Singapore's Lee seen as an inspiration for modern China
BEIJING (AP) Chinese leaders admired modern Singapore's founder Lee Kuan Yew for his toughness, economic pragmatism and insistence on respect for authority. In many ways, Lee's model of "Asian values," combining authoritarianism and economic planning, became China's own blueprint for modernity.
Most significantly, late Chinese leader Deng Xiaoping looked to Singapore, with its ethnic Chinese majority, as he embarked on his country's economic reforms in the late 1970s. Those changes would spur three decades of rapid growth and lift China from the grinding poverty and political dysfunction that were legacies of Mao Zedong's centrally planned economy.
"Deng was greatly influenced by what he saw on his trip to Singapore" in 1978, said Su Hao, professor at China Foreign Affairs University. "It's fair to say China's reform and opening policy has a direct relationship with Singapore, where ethnic Chinese demonstrated their ability to create an economic miracle."
Lee, who died Monday at age 91, and Deng established a close relationship during their several meetings, sharing a starkly practical approach, hard-headed manner and similarly ruthless bent when their wills were defied.
"Society in Singapore is quite orderly. They manage things very strictly," Deng told his subordinates in 1992, describing how China's special economic zones should copy the city-state. "We ought to use their experience as a model. And we ought to manage things even better than they do."
During Deng's rule, Singapore became a major investor in China, building shopping malls and office buildings, and investing in airlines and infrastructure projects. Deng and Lee also originated an exchange program whereby thousands of Chinese bureaucrats were sent to Singapore for observation and training.
In 1994, Lee joined with Chinese leaders in establishing the China-Singapore Suzhou Industrial Park near Shanghai that replicated some aspects of Singapore, with its streamlined bureaucracy, purpose-built offices and factories and integrated working and living spaces, and was meant to be a model for such developments nationwide. The project lost money for several years, but eventually turned a profit in 2001, according to the Singapore government.
Over that period, Chinese leaders became firm believers in Singapore's example of one-party rule and long-term term strategic planning, although they never instituted government accountability on a Singaporean level as a deterrent to corruption. Lee shared the Chinese leadership's intolerance of criticism and dissent and believed limits on free speech were necessary to preserve stability.
Yet Deng also recognized the stark differences between the relative manageability of tiny Singapore and the vast challenges of China's massive territory and huge population.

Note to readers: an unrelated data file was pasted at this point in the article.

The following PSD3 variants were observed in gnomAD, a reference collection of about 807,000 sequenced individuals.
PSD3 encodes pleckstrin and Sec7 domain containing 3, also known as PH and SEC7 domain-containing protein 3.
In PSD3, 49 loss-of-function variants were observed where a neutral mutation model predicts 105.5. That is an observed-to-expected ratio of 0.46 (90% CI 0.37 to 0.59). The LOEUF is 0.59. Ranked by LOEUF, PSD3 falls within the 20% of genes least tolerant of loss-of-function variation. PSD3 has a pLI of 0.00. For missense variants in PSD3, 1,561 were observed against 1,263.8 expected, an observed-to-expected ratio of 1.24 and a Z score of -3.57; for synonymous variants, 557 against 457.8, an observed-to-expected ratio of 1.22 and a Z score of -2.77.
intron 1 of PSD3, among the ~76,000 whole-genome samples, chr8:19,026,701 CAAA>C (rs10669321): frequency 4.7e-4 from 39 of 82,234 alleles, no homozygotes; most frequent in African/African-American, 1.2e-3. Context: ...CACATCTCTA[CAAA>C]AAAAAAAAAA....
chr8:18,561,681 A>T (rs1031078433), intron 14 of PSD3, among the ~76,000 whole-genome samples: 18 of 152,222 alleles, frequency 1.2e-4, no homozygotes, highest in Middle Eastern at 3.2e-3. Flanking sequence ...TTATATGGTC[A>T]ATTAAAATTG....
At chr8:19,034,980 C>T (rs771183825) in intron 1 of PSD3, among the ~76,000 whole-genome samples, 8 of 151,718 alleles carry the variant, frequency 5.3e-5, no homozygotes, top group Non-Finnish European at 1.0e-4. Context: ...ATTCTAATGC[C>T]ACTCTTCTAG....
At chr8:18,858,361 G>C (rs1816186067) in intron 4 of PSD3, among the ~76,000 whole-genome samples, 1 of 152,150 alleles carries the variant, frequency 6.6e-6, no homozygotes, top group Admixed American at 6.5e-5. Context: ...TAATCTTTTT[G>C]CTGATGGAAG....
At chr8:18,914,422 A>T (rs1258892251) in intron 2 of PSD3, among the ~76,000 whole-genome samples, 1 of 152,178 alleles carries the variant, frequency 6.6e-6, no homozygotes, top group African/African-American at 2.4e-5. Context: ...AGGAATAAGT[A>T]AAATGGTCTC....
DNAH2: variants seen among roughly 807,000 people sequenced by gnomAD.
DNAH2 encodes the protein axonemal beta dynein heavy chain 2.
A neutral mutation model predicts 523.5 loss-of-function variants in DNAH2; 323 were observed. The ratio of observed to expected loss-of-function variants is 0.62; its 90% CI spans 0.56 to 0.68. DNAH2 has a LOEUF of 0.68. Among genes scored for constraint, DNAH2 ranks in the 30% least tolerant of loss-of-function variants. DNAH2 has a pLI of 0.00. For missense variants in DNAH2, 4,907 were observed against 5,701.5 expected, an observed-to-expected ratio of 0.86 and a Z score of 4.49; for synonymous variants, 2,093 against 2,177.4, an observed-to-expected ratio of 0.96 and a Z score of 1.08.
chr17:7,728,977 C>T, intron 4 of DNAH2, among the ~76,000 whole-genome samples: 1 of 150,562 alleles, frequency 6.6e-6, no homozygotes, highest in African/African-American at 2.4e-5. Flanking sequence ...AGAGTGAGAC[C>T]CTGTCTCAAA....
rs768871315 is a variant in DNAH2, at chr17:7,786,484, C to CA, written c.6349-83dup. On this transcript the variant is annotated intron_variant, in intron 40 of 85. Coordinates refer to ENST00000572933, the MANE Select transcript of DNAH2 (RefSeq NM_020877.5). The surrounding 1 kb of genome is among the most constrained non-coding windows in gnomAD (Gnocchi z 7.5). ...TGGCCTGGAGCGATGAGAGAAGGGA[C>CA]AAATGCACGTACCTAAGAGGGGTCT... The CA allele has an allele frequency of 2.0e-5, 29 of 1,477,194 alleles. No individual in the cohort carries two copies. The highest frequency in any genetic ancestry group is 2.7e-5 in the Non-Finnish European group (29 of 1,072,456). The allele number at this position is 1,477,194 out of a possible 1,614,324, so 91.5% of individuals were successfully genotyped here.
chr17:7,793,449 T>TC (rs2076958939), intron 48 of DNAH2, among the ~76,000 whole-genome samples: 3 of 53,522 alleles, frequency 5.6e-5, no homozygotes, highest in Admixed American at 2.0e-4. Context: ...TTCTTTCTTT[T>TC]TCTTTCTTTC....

While lifting some of the most intrusive aspects of Communist Party control, Deng eschewed Singapore's system of parliamentary democracy albeit skewed in favor of Lee's ruling People's Action Party and did little to shrink the size of the China's all-encompassing state in line with Singapore's small government model.
"If I had only Shanghai, I too might be able to change Shanghai as quickly. But I have the whole of China," Deng said.
Always skeptical about the application of Western-style democracy to Eastern societies, Lee too had warned China not to pursue political liberalization.
"China is not going to become a liberal democracy; if it did, it would collapse. Of that, I am quite sure, and the Chinese intelligentsia also understands that," Lee was quoted as saying in a 2013 book.
Lee was also an admirer of China's leaders, including current President Xi Jinping, who made a point of dropping in on the then-minister mentor shortly after being tapped as the Communist Party's heir-apparent in 2010.
"I would put him in Nelson Mandela's class of persons. A person with enormous emotional stability who does not allow his personal misfortunes or sufferings to affect his judgment. In other words, he is impressive," Lee said of Xi.
Despite such mutual respect, ties between the two countries have not always been smooth.
During Mao's era, Lee and other pro-Western Singaporean leaders were denigrated as "running dogs of American imperialism" and Chinese radio broadcasts called incessantly for revolution in Southeast Asia.
While such deprecations ended under Deng, they remained an underlying factor in relations and formal diplomatic ties weren't established until 1990 the year Lee stepped down as prime minister.
China has also been rankled by Singapore's hosting of U.S. military assets and close relations with Taiwan, the self-governing island democracy that Beijing considers a renegade Chinese province. Beijing heatedly protests exchanges between Taiwanese and Singaporean leaders and put relations on hold after then-Deputy Prime Minister Lee Hsien Loong Lee Kuan Yew's son, who is now prime minister paid a private visit to the island in 2004.
One year later, during a visit to Shanghai to accept an honorary degree, Lee Kuan Yew seemed to warn against China abusing its new-found might and ignoring the lessons of past mistakes.
China's young people, Lee said, should be "acutely conscious that China ... has the responsibility and self-interest to assure its neighbors and the world at large that this emergence is benign and not a threat, but a plus to the world."
Associated Press writer Didi Tang and researcher Zhao Liang contributed to this story.